The coalition is hopeful lawmakers’ discussions will continue to pull back on their first draft.

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Maryland Public Defender Natasha Dartigue said the bill “does not rely on evidence-based research, but is fueled by sensationalized media inaccurately portraying children as the primary instigators of crime.”

Baltimore State’s Attorney Ivan Bates said he looks at the process as he does a jury trial. He’s laid out his case and presented the facts, he said. “The legislature, I feel, are the jurors. They’re going to sit down, they’re going to weigh the information.”

“We’ve made our points,” Bates said. “The members of the legislature, they’ve heard it and now just need to take their time and figure out what’s going to be best.”

Here are examples of what the measures do:

Lawmakers have admitted that media reports spurred them to reconsider the Juvenile Justice Reform Act. But during the discovery process, they found gaps in the system that weren’t helping kids get needed help.

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During the legislative rollout, Senate President Bill Ferguson said crimes committed by teens, although less than 10% of overall crimes, have contributed to a “crime perception challenge.” And Clippinger, the House bill sponsor, said challenges with juvenile justice have been around “since time immemorial.”

Jones, the House speaker, said that kids were not being held accountable and were denied services because of “an abundance of confusion.”

“Egos, political agendas and arguments over process have filled the gap,” she said. “This is unacceptable.”

These clashes between agencies, which includes state’s attorneys, played out in public forums and spurred Moore to referee, telling public safety officials at all levels of government to “lead together.”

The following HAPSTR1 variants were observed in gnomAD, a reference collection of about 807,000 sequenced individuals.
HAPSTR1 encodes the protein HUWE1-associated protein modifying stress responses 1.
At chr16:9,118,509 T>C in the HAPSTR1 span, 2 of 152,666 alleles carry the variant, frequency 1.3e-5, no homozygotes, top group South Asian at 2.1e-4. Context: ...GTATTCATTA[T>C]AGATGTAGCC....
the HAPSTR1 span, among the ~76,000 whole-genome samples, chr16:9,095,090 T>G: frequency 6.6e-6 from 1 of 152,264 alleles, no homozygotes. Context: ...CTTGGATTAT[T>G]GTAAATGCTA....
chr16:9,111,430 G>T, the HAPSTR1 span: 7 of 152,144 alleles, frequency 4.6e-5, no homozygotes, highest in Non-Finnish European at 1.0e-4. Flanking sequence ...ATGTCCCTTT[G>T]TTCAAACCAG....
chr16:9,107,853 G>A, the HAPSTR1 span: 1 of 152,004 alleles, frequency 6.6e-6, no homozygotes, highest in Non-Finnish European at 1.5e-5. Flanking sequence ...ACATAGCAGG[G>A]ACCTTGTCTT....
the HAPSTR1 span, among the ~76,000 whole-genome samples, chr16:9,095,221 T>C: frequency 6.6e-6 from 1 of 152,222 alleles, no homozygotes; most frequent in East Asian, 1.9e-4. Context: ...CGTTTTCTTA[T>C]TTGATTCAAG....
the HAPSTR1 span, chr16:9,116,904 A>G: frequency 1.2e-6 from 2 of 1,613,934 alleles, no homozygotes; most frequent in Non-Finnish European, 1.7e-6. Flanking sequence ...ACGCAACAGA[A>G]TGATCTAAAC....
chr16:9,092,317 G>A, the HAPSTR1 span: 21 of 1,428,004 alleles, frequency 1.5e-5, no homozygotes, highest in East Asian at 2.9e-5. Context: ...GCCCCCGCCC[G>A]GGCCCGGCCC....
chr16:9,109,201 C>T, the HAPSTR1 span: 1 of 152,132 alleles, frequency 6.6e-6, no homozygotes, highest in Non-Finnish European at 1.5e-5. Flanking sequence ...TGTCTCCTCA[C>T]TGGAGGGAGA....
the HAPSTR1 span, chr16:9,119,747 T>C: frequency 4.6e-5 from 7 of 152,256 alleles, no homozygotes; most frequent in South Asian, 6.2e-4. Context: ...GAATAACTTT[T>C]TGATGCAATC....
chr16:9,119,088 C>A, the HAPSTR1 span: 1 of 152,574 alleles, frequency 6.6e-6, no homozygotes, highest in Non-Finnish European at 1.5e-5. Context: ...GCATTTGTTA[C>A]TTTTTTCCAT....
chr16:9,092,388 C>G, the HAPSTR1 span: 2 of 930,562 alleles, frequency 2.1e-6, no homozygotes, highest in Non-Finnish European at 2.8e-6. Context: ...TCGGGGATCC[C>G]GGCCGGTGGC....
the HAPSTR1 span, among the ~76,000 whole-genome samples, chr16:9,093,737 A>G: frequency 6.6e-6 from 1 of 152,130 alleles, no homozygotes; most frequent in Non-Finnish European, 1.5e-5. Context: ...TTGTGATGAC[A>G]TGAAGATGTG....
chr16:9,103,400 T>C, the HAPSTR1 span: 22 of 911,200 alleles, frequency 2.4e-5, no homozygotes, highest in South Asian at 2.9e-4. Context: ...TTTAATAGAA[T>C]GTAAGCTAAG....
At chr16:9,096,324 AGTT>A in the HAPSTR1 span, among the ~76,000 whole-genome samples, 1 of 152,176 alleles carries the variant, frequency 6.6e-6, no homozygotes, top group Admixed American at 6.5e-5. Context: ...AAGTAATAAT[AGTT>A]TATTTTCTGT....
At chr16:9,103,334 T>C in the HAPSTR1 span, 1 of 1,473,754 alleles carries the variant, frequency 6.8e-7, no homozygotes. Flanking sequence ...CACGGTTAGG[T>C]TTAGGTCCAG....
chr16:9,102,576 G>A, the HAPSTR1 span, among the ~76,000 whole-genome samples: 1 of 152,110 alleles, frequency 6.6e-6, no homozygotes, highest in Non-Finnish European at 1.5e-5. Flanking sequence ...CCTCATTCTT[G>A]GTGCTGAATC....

The 2022 law set a floor for the juvenile system at 13, except when 10- to 12-year-olds commit crimes of violence; established guardrails around probation; and prioritized diversion over incarceration for nonviolent crimes. The proposal was based on recommendations from a bipartisan cohort of lawmakers, law enforcement officers, prosecutors, defense attorneys and youth legal system experts who studied best practices for keeping young people out of detention.

This year’s changes will walk back some of those recommendations.

David Jaros, law professor and faculty director for the University of Baltimore’s Center for Criminal Justice Reform, said national and state data does not support media narratives that juvenile crime is rising, but it does create pressure on politicians to act.

“And often, that response is not driven by good data or strong policy, but rather a need to be seen as doing something,” Jaros said.

He said it hasn’t been long enough for anyone to weigh the changes made by the Juvenile Justice Reform Act of 2022.

“Crime is the result of a lot of powerful social forces, many of which are frankly related to the economy and broad social dynamics that aren’t easily changed by just tweaking policy,” Jaros said.

Rather than adjusting probationary periods, Jaros said lawmakers should instead be funding services.

“Let’s start improving the opportunities for kids,” he said. “Because that stuff’s been shown to keep people out of trouble and make our communities safe.”

Brenda Wintrode covers state government, agencies and politics. Before joining The Baltimore Banner, Wintrode wrote an award winning series of long form investigations for Wisconsin Watch.